TWIN FALLS — Frank Knight had a lot of people to thank on Thursday.

There was the staff at ProActive Advantage, which Knight runs and which has the contract to operate the Crisis Center of South Central Idaho. There were all the other vendors who helped to get the crisis center open.

“These people were unreal,” he said.

He told the crowd about a woman who had stayed at the crisis center. “You saved my life,” she said to Knight. Her husband then shook Knight’s hand and agreed, “You did.”

“This is what it’s all about, and I’m grateful for the opportunity,” Knight said, his voice quivering with emotion.

The crisis center, located in a former medical office building on Shoup Avenue West, opened for business in late November and has so far helped 23 people who needed mental health help. Thursday was the grand opening, and the room where the ribbon-cutting was held was packed with people who had somehow been involved in the center’s creation, including Gov. C.L. “Butch” Otter, ProActive and South Central Public Health District staff and many of the local legislators who played a role in creating and funding the center.

The crisis center in Twin Falls is the third in the state, the others being in Idaho Falls and Coeur d’Alene. They are funded by the state now, but the intent is for them to transition to other funding sources after a couple of years. They are designed to provide a place to stay and some help, for up to 24 hours, for people going through a mental health or addiction-related crisis.

“We appreciated the partnerships that have brought this behavioral health community crisis center to fruition,” Twin Falls Mayor Shawn Barigar said.

Barigar said many of the people who use the crisis center had previously been dealt with through “incarceration and hospitalization ... because more appropriate levels of care just haven’t been available.”

John Hathaway, the Idaho Department of Health and Welfare regional administrator for the eastern half of the state, said dealing with a mental-health issue “is like trying to drive a car when you’re looking at the rear-view mirror.” He said one in five people will, during their lives, suffer from a mental-health issue that could benefit from treatment.

“That means that 20 percent of the people in here are spending a lot of time looking in the rear-view mirror,” he said.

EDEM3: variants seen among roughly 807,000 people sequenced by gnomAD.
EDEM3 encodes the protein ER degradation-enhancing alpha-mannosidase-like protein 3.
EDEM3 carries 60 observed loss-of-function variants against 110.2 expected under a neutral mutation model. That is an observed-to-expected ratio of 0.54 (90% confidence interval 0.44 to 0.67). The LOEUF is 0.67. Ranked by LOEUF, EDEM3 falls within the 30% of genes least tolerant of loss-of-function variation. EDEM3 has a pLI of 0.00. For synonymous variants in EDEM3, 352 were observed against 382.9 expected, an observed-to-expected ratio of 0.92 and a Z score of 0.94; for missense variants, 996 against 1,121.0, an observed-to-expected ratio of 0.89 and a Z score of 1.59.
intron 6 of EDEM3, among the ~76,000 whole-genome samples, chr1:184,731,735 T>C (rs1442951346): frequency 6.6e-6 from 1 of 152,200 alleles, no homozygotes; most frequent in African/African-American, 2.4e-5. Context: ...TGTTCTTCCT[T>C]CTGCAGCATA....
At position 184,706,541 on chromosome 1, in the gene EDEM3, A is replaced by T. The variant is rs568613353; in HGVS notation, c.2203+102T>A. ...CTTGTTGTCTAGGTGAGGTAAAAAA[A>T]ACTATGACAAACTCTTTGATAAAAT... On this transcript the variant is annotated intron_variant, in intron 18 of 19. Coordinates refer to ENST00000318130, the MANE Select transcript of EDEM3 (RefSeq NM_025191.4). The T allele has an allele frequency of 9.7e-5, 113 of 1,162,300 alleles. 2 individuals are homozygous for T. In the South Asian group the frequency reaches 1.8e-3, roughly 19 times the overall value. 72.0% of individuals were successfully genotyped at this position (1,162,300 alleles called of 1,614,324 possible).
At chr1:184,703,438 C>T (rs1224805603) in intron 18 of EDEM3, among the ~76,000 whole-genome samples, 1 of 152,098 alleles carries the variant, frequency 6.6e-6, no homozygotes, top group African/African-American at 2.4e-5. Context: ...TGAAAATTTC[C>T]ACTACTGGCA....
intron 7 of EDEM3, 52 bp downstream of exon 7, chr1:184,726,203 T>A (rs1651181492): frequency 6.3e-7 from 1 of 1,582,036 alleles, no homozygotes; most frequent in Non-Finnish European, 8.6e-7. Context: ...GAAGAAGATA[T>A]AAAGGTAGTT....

Otter spoke last. The state’s crisis centers, he said, help people, and by extension, those people’s families, the communities where they live and the entire state. The crisis center “says to us we’re a people that care, we have heart,” Otter said.

“When they cross that threshold, they need to know ... there’s a loving heart, there’s a helping hand, just on the other side of it,” he said.

Otter briefly went over the history of crisis centers in the state, and took a swipe at lawmakers who have voted against funding them.

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“I (remember) the occasion when I was in Coeur d’Alene when all those ‘No’ votes showed up,” Otter said.

The Coeur d’Alene Press reported in 2014 that Coeur d’Alene had originally been identified as the place in the state with the greatest need for a crisis center, but that the first one was put in Idaho Falls because Kootenai County’s legislative delegation was split, with some voting against the funding bill.

Otter defending funding crisis centers as “the most conservative vote you could ever make in the State of Idaho,” since treating people’s mental health and addiction issues can help to keep families together.

After the ribbon-cutting, Knight gave a tour to Otter and a few state and local officials, including Rep. Maxine Bell, R-Jerome, and Sen. Lee Heider, R-Twin Falls, both of whom were involved in the center’s creation. Bell is co-chairwoman of the Joint Finance-Appropriations Committee, which approved the money, while Heider is chairman of the Senate Health and Welfare Committee and helped with the project.

As the group walked through the halls and looked into the single-bed bedrooms where the people who come to the crisis center stay, Bell remarked it looked better than a jail cell.

“We’ve done too many years of that kind of thing,” she said.

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